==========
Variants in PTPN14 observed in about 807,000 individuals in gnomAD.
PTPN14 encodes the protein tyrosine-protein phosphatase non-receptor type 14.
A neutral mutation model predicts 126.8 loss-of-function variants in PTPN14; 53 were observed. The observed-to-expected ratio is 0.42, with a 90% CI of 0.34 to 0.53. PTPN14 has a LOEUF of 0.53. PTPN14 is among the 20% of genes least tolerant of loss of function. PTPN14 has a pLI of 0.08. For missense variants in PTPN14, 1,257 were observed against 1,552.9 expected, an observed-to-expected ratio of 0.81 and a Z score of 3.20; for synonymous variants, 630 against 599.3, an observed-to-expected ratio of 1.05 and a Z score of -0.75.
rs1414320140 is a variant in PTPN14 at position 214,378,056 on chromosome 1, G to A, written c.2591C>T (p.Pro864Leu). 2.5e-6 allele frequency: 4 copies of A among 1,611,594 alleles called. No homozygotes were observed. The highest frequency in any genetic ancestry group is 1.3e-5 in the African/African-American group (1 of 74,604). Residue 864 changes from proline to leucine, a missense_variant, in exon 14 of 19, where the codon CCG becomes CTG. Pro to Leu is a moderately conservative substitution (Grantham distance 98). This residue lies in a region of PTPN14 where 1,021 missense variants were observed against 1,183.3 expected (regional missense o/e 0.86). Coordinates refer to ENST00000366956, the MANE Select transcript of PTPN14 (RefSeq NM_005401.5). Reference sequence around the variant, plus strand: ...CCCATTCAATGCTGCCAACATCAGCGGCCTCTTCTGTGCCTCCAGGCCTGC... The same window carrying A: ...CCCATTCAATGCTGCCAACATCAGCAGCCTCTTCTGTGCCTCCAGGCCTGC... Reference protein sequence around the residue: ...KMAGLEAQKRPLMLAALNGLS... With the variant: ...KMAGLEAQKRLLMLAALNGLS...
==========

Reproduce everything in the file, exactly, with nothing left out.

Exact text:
Variants in PTPN14 observed in about 807,000 individuals in gnomAD.
PTPN14 encodes the protein tyrosine-protein phosphatase non-receptor type 14.
A neutral mutation model predicts 126.8 loss-of-function variants in PTPN14; 53 were observed. The observed-to-expected ratio is 0.42, with a 90% CI of 0.34 to 0.53. PTPN14 has a LOEUF of 0.53. PTPN14 is among the 20% of genes least tolerant of loss of function. PTPN14 has a pLI of 0.08. For missense variants in PTPN14, 1,257 were observed against 1,552.9 expected, an observed-to-expected ratio of 0.81 and a Z score of 3.20; for synonymous variants, 630 against 599.3, an observed-to-expected ratio of 1.05 and a Z score of -0.75.
rs1414320140 is a variant in PTPN14 at position 214,378,056 on chromosome 1, G to A, written c.2591C>T (p.Pro864Leu). 2.5e-6 allele frequency: 4 copies of A among 1,611,594 alleles called. No homozygotes were observed. The highest frequency in any genetic ancestry group is 1.3e-5 in the African/African-American group (1 of 74,604). Residue 864 changes from proline to leucine, a missense_variant, in exon 14 of 19, where the codon CCG becomes CTG. Pro to Leu is a moderately conservative substitution (Grantham distance 98). This residue lies in a region of PTPN14 where 1,021 missense variants were observed against 1,183.3 expected (regional missense o/e 0.86). Coordinates refer to ENST00000366956, the MANE Select transcript of PTPN14 (RefSeq NM_005401.5). Reference sequence around the variant, plus strand: ...CCCATTCAATGCTGCCAACATCAGCGGCCTCTTCTGTGCCTCCAGGCCTGC... The same window carrying A: ...CCCATTCAATGCTGCCAACATCAGCAGCCTCTTCTGTGCCTCCAGGCCTGC... Reference protein sequence around the residue: ...KMAGLEAQKRPLMLAALNGLS... With the variant: ...KMAGLEAQKRLLMLAALNGLS...